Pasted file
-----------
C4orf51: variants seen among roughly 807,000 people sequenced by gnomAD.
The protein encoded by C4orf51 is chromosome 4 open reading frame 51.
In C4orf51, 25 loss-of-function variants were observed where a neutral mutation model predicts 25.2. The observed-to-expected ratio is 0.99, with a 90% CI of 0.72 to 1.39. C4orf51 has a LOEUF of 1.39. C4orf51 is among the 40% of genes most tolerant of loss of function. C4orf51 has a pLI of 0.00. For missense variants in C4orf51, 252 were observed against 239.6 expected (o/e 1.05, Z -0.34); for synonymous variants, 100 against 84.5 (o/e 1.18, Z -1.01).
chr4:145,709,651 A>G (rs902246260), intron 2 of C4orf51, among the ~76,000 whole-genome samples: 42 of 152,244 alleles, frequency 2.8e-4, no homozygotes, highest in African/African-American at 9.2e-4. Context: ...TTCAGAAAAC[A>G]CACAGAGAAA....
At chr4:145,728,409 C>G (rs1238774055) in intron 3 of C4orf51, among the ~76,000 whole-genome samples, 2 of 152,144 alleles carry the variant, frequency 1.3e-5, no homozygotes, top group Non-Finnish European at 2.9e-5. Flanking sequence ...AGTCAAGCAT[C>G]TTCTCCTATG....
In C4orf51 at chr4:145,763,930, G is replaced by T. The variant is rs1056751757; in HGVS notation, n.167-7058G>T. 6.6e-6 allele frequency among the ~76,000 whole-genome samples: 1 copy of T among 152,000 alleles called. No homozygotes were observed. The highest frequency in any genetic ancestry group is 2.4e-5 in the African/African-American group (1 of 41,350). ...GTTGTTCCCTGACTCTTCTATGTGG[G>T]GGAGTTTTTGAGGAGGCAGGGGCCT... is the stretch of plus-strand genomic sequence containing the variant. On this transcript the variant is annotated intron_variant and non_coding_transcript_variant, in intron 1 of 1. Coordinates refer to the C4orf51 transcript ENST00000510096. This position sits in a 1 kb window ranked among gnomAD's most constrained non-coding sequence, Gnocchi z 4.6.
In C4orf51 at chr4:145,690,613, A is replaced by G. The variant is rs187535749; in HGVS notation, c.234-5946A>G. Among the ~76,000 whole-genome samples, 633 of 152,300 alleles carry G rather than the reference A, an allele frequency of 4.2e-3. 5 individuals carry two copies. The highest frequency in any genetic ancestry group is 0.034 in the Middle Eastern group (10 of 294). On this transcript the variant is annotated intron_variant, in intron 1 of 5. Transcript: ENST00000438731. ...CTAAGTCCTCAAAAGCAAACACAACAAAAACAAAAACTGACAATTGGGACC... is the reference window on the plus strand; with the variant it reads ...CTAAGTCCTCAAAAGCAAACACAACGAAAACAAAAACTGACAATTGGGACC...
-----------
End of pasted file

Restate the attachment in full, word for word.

C4orf51: variants seen among roughly 807,000 people sequenced by gnomAD.
The protein encoded by C4orf51 is chromosome 4 open reading frame 51.
In C4orf51, 25 loss-of-function variants were observed where a neutral mutation model predicts 25.2. The observed-to-expected ratio is 0.99, with a 90% CI of 0.72 to 1.39. C4orf51 has a LOEUF of 1.39. C4orf51 is among the 40% of genes most tolerant of loss of function. C4orf51 has a pLI of 0.00. For missense variants in C4orf51, 252 were observed against 239.6 expected (o/e 1.05, Z -0.34); for synonymous variants, 100 against 84.5 (o/e 1.18, Z -1.01).
chr4:145,709,651 A>G (rs902246260), intron 2 of C4orf51, among the ~76,000 whole-genome samples: 42 of 152,244 alleles, frequency 2.8e-4, no homozygotes, highest in African/African-American at 9.2e-4. Context: ...TTCAGAAAAC[A>G]CACAGAGAAA....
At chr4:145,728,409 C>G (rs1238774055) in intron 3 of C4orf51, among the ~76,000 whole-genome samples, 2 of 152,144 alleles carry the variant, frequency 1.3e-5, no homozygotes, top group Non-Finnish European at 2.9e-5. Flanking sequence ...AGTCAAGCAT[C>G]TTCTCCTATG....
In C4orf51 at chr4:145,763,930, G is replaced by T. The variant is rs1056751757; in HGVS notation, n.167-7058G>T. 6.6e-6 allele frequency among the ~76,000 whole-genome samples: 1 copy of T among 152,000 alleles called. No homozygotes were observed. The highest frequency in any genetic ancestry group is 2.4e-5 in the African/African-American group (1 of 41,350). ...GTTGTTCCCTGACTCTTCTATGTGG[G>T]GGAGTTTTTGAGGAGGCAGGGGCCT... is the stretch of plus-strand genomic sequence containing the variant. On this transcript the variant is annotated intron_variant and non_coding_transcript_variant, in intron 1 of 1. Coordinates refer to the C4orf51 transcript ENST00000510096. This position sits in a 1 kb window ranked among gnomAD's most constrained non-coding sequence, Gnocchi z 4.6.
In C4orf51 at chr4:145,690,613, A is replaced by G. The variant is rs187535749; in HGVS notation, c.234-5946A>G. Among the ~76,000 whole-genome samples, 633 of 152,300 alleles carry G rather than the reference A, an allele frequency of 4.2e-3. 5 individuals carry two copies. The highest frequency in any genetic ancestry group is 0.034 in the Middle Eastern group (10 of 294). On this transcript the variant is annotated intron_variant, in intron 1 of 5. Transcript: ENST00000438731. ...CTAAGTCCTCAAAAGCAAACACAACAAAAACAAAAACTGACAATTGGGACC... is the reference window on the plus strand; with the variant it reads ...CTAAGTCCTCAAAAGCAAACACAACGAAAACAAAAACTGACAATTGGGACC...